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Re: [Re: A question about Feduccia's claim of convergence]



"T. Mike Keesey"  wrote:
> On Wed, 21 Mar 2001 ELurio@aol.com wrote:
>
> > Okay, The reason we haven't seen bipedal reptiles in the Cambrian is that
> > they haven't they hadn't evolved yet. If you want to make an attack on
> > someone, something as silly as that won't help your case any.
>
> "Anakinsdream" must have meant Permian.
>
> > As to the Early Triassic the same thing. However, there are several
bipedal
> > crocs from the middle and late Triassic, showing genuine convergance.
there
> > are also modern lizards that can run bipedally, further convergance.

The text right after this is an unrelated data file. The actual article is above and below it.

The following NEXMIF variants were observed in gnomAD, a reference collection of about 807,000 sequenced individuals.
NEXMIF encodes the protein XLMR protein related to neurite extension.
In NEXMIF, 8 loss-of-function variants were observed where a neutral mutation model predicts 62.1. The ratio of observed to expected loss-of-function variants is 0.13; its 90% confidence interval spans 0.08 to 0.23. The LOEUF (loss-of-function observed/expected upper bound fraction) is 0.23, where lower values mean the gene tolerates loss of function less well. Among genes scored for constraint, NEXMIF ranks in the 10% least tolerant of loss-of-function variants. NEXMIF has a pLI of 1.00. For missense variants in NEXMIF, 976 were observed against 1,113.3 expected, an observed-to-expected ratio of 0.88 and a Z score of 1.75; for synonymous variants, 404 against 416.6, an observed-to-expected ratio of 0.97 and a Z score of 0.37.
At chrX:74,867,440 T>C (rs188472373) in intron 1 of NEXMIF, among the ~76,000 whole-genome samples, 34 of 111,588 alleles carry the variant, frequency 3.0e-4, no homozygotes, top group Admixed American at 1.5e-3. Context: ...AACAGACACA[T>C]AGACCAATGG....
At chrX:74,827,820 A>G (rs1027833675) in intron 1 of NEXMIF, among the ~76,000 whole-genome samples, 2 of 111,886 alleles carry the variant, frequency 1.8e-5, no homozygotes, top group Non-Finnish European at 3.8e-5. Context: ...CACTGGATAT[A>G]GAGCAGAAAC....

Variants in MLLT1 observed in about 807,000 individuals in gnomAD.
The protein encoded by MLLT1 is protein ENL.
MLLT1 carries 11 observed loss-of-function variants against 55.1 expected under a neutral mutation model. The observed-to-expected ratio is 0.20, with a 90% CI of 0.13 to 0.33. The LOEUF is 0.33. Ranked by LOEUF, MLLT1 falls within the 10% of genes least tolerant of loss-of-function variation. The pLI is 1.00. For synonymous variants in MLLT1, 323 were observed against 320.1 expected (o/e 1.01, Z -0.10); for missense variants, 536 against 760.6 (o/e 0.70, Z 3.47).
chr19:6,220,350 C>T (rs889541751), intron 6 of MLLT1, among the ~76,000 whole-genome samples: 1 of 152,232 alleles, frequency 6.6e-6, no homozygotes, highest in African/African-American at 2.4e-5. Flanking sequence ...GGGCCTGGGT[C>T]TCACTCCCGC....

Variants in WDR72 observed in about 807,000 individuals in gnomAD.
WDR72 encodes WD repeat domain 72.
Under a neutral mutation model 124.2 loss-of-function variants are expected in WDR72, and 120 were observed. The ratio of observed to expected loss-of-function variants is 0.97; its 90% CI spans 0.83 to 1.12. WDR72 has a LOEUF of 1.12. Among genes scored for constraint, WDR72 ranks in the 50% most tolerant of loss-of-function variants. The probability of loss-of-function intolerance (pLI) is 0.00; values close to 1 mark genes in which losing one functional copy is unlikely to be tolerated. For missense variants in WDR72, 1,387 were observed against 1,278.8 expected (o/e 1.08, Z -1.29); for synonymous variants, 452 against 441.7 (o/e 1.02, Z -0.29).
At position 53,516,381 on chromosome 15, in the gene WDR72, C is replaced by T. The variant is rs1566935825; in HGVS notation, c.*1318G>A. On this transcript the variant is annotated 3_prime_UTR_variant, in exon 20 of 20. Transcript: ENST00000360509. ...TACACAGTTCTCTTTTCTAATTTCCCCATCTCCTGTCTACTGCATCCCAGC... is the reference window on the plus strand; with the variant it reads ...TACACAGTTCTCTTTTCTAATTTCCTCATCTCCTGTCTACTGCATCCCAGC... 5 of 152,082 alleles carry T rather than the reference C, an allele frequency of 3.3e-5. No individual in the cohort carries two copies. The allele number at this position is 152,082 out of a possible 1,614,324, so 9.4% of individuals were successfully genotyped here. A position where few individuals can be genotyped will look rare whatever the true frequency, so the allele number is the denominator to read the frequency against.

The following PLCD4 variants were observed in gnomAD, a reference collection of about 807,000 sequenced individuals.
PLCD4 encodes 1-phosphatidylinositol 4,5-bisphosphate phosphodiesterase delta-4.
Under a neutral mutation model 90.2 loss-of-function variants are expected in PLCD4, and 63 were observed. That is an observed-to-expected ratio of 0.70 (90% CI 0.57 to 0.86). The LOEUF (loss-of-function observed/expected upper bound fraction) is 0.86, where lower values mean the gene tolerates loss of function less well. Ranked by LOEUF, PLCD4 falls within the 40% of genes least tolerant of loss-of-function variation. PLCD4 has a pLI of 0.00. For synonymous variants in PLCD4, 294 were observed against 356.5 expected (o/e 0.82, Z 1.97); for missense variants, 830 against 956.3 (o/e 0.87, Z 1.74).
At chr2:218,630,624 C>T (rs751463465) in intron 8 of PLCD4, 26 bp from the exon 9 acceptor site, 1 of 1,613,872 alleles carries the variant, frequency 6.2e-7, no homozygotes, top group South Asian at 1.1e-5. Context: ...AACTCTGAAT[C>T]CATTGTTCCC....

>
> OOC, were any of these forms obligate bipeds, like _Theropoda_ (including
> _Aves_)?

++++++++++++++++++++++++++++++++++++++++++++++++++++++++++

Well, I'm pretty sure that _Gracilisuchus_ was an obligate biped and among
today's extant reptilian fauna _Chlamydosaurus kingii_ is considered an
obligate biped as well. At this moment  _C.kingii_ is considered to be the
only obligatory bipedal extant reptile, but I wouldn't be at all surprised if
_Basiliscus_ turns out to be one as well (observations of spooked _Basiliscus_
have shown that they actually stand up on two legs prior to take off, much
like _Chlamydosaurus_).


Then, of course, there was also _Eudibamus_, whom you've already mentioned.


On a side note, what does OOC stand for?

That's one acronym that I seemed to have missed.

Jura


Jurassosaurus's Reptipage: A page devoted to the study of and education on,
the reptilia:

http://reptilis.net

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